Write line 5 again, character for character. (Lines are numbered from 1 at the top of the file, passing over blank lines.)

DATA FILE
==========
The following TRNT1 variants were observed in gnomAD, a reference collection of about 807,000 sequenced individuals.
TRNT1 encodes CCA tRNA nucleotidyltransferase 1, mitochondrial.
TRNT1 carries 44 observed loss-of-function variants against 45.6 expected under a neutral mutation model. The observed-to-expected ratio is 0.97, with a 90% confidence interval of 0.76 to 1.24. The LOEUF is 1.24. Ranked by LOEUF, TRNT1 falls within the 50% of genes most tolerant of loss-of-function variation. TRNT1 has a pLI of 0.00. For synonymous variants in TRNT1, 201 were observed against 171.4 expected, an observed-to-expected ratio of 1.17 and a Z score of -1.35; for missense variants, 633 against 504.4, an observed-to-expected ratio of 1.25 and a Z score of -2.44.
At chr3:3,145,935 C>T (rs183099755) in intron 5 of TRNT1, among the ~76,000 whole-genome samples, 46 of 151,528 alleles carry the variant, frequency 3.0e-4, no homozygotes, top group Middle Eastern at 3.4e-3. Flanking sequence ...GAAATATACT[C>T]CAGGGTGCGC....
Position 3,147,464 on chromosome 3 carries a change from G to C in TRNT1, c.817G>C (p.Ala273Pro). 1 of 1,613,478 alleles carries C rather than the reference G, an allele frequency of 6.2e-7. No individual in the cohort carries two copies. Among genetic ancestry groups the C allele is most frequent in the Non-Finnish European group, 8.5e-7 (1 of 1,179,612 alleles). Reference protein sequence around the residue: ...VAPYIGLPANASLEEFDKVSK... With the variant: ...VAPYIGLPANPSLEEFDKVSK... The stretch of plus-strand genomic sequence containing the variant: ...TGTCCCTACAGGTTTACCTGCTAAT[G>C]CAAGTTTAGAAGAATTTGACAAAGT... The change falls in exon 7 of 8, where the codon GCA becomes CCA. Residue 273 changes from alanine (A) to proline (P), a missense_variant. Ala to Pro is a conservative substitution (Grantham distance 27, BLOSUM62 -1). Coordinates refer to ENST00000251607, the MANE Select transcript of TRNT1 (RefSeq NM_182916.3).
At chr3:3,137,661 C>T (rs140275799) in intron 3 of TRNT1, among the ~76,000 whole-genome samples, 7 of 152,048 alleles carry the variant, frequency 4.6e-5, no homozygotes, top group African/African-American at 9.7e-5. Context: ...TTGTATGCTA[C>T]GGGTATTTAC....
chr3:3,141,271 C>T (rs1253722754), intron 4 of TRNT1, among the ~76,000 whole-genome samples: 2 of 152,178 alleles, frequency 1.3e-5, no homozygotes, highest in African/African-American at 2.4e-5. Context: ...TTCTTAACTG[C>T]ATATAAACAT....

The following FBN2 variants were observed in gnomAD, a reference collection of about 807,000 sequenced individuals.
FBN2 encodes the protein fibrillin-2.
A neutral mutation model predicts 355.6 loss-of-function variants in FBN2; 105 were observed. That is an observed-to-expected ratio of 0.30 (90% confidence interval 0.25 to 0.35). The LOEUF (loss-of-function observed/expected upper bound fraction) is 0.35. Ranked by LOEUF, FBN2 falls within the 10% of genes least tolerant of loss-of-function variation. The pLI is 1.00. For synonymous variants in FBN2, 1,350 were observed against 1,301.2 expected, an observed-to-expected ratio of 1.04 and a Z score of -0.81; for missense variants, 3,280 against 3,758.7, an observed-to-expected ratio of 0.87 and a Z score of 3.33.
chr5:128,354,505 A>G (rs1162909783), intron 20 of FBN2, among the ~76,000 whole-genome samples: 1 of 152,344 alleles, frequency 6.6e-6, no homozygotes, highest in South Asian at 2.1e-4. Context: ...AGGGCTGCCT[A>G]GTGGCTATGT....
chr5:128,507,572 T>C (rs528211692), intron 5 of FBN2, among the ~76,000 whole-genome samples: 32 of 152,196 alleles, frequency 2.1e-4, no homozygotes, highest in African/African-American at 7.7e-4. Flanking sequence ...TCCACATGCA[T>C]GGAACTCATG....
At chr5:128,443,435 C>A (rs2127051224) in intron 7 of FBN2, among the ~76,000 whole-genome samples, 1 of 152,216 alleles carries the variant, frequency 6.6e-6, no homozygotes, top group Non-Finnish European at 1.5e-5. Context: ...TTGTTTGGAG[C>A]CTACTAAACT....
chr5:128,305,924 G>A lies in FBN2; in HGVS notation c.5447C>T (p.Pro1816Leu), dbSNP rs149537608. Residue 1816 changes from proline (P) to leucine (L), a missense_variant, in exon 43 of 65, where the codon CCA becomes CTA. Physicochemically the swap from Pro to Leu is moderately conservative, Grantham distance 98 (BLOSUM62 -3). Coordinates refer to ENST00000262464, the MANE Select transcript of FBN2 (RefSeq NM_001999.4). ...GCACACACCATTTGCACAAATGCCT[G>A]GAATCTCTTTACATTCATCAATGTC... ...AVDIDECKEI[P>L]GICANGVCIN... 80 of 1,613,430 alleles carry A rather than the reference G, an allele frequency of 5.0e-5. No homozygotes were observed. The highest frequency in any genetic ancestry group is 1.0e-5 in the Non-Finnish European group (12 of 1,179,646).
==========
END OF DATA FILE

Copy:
Position 3,147,464 on chromosome 3 carries a change from G to C in TRNT1, c.817G>C (p.Ala273Pro). 1 of 1,613,478 alleles carries C rather than the reference G, an allele frequency of 6.2e-7. No individual in the cohort carries two copies. Among genetic ancestry groups the C allele is most frequent in the Non-Finnish European group, 8.5e-7 (1 of 1,179,612 alleles). Reference protein sequence around the residue: ...VAPYIGLPANASLEEFDKVSK... With the variant: ...VAPYIGLPANPSLEEFDKVSK... The stretch of plus-strand genomic sequence containing the variant: ...TGTCCCTACAGGTTTACCTGCTAAT[G>C]CAAGTTTAGAAGAATTTGACAAAGT... The change falls in exon 7 of 8, where the codon GCA becomes CCA. Residue 273 changes from alanine (A) to proline (P), a missense_variant. Ala to Pro is a conservative substitution (Grantham distance 27, BLOSUM62 -1). Coordinates refer to ENST00000251607, the MANE Select transcript of TRNT1 (RefSeq NM_182916.3).